The questions would continue to hound Magalong’s mind, and all that he could ask for now is peace of mind for him and the troopers’ families.
The BOI was composed of Magalong as chairman, Director Catalino Rodriguez and Chief Supt. John Sosito as members. An Operational Audit Team (OAT) was also formed led by Senior Supt. Robert Po as team leader with Senior Supt. Ronald dela Rosa, Senior Supt. Cesar Hawthorne Binag, Senior Supt. Benigno Durana and Chief Insp. David Joy Duarte as members.
Magalong said there were around 40 policemen who helped do the interviews and around 50 investigators from the Criminal Investigation and Detection Group who were trained on “prosecutorial intelligence” and a talent for “cognitive interviewing techniques”, “burning their lashes” for the target date to be met.
Testimonies from 367 persons — 347 from the PNP, 40 of them had key decision- making roles in “Oplan Exodus”; there were 14 from the Armed Force of the Philippines (AFP), four from the Coordinating Committee on the Cessation of Hostilities and three others.
There were also support staff who did the transcription of all the interviews — which the eight-man team had to read, digest, understand and internalize to come up with the 125-pages report.
“It was physically draining. Ok lang sana kung pinabayaan kami na mag-investigate and they stick to their words na hindi kami makikialam pero hindi eh, pailalim eh, gumagalaw na meron ng kinakausap na ibang members ng BOI na i-overrule ang findings. Mabuti na lang and dalawang members hindi rin nagpa-pressure. Supportive din sila (It would have been fine if they stick to their word that they won’t meddle, but they were moving underground, they talk to BOI members to overrule the findings. It was good the two members were unmoved),” Magalong said.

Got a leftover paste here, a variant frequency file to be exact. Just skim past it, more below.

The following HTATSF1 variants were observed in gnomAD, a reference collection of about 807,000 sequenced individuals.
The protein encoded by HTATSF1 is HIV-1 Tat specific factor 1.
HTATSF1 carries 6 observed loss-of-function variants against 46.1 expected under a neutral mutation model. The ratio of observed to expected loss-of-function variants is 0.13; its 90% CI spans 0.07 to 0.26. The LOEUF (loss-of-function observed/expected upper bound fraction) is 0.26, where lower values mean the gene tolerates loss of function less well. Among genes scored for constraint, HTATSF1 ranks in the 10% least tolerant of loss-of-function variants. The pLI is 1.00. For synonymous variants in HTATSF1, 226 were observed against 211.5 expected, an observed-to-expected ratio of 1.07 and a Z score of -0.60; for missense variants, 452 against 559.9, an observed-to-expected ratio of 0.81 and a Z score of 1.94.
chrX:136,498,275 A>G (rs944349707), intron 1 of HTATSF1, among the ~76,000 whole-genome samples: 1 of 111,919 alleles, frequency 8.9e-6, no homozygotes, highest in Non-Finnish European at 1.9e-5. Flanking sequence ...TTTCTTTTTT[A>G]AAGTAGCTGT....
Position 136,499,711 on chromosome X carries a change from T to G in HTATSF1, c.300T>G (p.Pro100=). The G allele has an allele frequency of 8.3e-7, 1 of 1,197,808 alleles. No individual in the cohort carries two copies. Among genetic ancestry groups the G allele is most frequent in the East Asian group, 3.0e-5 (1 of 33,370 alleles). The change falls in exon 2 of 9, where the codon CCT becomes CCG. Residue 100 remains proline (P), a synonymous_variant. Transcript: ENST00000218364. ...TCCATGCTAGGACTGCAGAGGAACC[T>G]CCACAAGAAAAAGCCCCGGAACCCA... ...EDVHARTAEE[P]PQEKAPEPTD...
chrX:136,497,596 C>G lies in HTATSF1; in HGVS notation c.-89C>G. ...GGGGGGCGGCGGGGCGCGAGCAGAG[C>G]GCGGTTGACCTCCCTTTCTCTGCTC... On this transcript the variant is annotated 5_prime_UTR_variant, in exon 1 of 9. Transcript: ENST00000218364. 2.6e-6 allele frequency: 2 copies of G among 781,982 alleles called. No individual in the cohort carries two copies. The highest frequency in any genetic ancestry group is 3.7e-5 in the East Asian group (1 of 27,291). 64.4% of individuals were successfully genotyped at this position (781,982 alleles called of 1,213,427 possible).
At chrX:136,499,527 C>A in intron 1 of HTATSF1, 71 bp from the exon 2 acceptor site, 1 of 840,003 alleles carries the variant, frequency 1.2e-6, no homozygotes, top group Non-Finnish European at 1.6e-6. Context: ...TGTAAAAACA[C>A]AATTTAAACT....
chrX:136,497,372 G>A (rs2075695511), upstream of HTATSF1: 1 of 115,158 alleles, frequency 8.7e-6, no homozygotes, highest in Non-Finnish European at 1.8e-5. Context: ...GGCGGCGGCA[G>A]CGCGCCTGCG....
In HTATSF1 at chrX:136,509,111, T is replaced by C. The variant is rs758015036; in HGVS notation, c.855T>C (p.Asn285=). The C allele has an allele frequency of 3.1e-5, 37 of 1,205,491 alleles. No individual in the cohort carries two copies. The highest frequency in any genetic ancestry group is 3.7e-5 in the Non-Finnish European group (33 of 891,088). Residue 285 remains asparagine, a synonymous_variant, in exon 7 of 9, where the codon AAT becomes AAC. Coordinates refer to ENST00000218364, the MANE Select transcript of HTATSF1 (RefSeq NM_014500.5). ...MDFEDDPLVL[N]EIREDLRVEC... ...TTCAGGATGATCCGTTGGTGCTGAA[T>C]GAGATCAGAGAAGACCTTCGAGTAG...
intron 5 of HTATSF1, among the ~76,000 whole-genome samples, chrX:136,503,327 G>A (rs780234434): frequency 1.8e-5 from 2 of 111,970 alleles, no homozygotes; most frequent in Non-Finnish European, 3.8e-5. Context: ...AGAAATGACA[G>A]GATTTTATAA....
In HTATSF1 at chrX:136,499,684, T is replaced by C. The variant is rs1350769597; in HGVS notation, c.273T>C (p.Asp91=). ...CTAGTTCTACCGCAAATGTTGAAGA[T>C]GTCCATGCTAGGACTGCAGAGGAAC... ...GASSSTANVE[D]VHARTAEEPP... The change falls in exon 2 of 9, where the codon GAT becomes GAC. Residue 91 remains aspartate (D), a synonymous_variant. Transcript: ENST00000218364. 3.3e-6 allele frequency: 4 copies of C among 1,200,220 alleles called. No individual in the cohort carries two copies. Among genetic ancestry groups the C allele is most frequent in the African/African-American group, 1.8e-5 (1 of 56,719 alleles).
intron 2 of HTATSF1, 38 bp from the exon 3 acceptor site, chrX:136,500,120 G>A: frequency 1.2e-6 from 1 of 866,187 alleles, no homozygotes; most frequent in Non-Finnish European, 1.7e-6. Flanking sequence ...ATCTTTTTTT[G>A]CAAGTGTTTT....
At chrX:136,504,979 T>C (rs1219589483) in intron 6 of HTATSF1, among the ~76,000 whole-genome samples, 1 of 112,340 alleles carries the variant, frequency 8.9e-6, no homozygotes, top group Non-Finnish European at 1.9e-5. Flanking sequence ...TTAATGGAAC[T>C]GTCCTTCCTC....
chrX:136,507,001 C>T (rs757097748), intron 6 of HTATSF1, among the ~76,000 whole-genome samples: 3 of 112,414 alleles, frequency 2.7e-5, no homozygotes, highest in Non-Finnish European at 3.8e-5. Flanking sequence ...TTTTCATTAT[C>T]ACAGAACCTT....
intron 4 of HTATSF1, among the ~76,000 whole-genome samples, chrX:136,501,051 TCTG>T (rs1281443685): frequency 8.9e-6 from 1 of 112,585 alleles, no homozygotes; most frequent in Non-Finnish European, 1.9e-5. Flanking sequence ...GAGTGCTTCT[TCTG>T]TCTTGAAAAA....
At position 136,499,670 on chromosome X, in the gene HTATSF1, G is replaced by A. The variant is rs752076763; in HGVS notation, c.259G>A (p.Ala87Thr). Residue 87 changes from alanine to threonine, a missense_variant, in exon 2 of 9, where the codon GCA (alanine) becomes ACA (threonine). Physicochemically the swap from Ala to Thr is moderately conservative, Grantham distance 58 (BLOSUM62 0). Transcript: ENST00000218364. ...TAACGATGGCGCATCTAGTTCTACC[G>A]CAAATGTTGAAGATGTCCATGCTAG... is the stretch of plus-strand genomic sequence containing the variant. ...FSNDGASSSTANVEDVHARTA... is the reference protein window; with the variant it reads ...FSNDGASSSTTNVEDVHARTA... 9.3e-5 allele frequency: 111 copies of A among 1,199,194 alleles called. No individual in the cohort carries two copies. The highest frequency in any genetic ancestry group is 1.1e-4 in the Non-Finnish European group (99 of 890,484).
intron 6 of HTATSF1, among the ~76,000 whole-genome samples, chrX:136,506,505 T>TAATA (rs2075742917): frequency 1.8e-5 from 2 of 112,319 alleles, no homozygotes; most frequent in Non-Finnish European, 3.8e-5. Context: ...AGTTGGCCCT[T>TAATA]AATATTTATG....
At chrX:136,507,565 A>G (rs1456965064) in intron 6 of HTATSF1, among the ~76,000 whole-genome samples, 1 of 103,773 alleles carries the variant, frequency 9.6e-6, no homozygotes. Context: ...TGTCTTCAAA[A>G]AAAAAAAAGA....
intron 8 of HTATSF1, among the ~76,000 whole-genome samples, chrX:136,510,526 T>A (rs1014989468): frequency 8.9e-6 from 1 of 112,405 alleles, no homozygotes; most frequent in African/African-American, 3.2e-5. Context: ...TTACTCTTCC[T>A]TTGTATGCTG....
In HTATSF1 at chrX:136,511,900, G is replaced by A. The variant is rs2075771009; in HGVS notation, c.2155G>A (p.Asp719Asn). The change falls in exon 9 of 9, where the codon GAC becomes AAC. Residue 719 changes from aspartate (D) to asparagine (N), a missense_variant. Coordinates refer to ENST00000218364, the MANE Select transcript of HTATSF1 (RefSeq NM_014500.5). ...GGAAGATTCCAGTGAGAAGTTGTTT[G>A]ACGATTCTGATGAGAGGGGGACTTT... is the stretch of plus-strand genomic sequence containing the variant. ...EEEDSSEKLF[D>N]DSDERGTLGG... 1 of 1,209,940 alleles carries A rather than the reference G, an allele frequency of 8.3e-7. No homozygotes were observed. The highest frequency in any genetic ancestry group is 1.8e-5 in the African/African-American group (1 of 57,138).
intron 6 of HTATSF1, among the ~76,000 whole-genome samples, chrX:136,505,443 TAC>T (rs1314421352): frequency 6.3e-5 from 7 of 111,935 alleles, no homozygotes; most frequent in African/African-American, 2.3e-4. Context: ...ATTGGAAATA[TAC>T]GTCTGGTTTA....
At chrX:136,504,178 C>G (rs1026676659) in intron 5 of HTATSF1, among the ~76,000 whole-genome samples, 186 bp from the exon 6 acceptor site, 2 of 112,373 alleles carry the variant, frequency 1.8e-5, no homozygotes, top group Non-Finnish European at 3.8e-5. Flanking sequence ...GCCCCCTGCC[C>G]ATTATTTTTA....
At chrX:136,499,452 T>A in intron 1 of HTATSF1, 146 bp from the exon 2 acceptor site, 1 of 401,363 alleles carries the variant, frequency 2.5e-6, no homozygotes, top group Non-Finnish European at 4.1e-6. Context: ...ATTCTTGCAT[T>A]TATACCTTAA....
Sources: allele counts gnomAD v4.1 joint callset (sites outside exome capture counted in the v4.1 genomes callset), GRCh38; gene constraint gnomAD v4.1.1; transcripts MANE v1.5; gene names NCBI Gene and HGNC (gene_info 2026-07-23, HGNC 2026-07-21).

Magalong said when he accepted the job to head the inquiry, he, along with the others, was determined to ferret out the truth.
There were pressures from some personalities, but Magalong said “we cannot be influenced”.
“May mga offer for rewards, na we will be rewarded profusely (there were offers of reward, that we would be profusely rewarded). Very tempting, and it would make you think of the good it would do to your career but at the end of the day, ang dami mong iko-consider (there are many things that you have to consider) — for one you have to protect the integrity of the organization, you have to give justice to the victims and give justice to the families. ‘Yun ang basic consideration namin (those were our basic consideration),” he said.
The findings were submitted on March 13, 2015.
“At least we were able to show that the PNP is a credible organization and we had to fight for those who died, the injured and the civilians who were innocently affected,” Magalong said. (PNA/Liza Agoot)